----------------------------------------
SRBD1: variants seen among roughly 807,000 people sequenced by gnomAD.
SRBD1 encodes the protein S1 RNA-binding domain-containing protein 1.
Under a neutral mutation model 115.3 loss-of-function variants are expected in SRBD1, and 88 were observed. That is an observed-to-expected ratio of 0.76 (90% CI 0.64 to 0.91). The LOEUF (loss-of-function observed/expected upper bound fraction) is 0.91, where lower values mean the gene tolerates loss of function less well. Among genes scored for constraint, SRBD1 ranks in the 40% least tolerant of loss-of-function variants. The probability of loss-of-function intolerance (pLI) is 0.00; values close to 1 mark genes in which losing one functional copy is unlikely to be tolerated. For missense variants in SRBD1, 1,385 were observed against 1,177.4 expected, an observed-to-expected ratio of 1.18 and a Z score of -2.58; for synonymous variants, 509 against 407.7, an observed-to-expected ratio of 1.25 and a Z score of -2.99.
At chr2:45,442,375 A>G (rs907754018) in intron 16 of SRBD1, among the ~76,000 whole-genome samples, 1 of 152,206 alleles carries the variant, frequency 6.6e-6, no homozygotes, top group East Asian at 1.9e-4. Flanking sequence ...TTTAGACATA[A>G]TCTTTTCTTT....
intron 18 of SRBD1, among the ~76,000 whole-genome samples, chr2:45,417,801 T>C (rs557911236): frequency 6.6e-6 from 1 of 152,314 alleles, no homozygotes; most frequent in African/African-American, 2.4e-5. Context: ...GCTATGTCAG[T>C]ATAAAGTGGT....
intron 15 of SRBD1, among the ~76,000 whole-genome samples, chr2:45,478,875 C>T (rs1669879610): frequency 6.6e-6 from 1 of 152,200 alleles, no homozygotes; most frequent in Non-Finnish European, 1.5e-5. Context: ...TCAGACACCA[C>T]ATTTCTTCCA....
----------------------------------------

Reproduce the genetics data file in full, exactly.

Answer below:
SRBD1: variants seen among roughly 807,000 people sequenced by gnomAD.
SRBD1 encodes the protein S1 RNA-binding domain-containing protein 1.
Under a neutral mutation model 115.3 loss-of-function variants are expected in SRBD1, and 88 were observed. That is an observed-to-expected ratio of 0.76 (90% CI 0.64 to 0.91). The LOEUF (loss-of-function observed/expected upper bound fraction) is 0.91, where lower values mean the gene tolerates loss of function less well. Among genes scored for constraint, SRBD1 ranks in the 40% least tolerant of loss-of-function variants. The probability of loss-of-function intolerance (pLI) is 0.00; values close to 1 mark genes in which losing one functional copy is unlikely to be tolerated. For missense variants in SRBD1, 1,385 were observed against 1,177.4 expected, an observed-to-expected ratio of 1.18 and a Z score of -2.58; for synonymous variants, 509 against 407.7, an observed-to-expected ratio of 1.25 and a Z score of -2.99.
At chr2:45,442,375 A>G (rs907754018) in intron 16 of SRBD1, among the ~76,000 whole-genome samples, 1 of 152,206 alleles carries the variant, frequency 6.6e-6, no homozygotes, top group East Asian at 1.9e-4. Flanking sequence ...TTTAGACATA[A>G]TCTTTTCTTT....
intron 18 of SRBD1, among the ~76,000 whole-genome samples, chr2:45,417,801 T>C (rs557911236): frequency 6.6e-6 from 1 of 152,314 alleles, no homozygotes; most frequent in African/African-American, 2.4e-5. Context: ...GCTATGTCAG[T>C]ATAAAGTGGT....
intron 15 of SRBD1, among the ~76,000 whole-genome samples, chr2:45,478,875 C>T (rs1669879610): frequency 6.6e-6 from 1 of 152,200 alleles, no homozygotes; most frequent in Non-Finnish European, 1.5e-5. Context: ...TCAGACACCA[C>T]ATTTCTTCCA....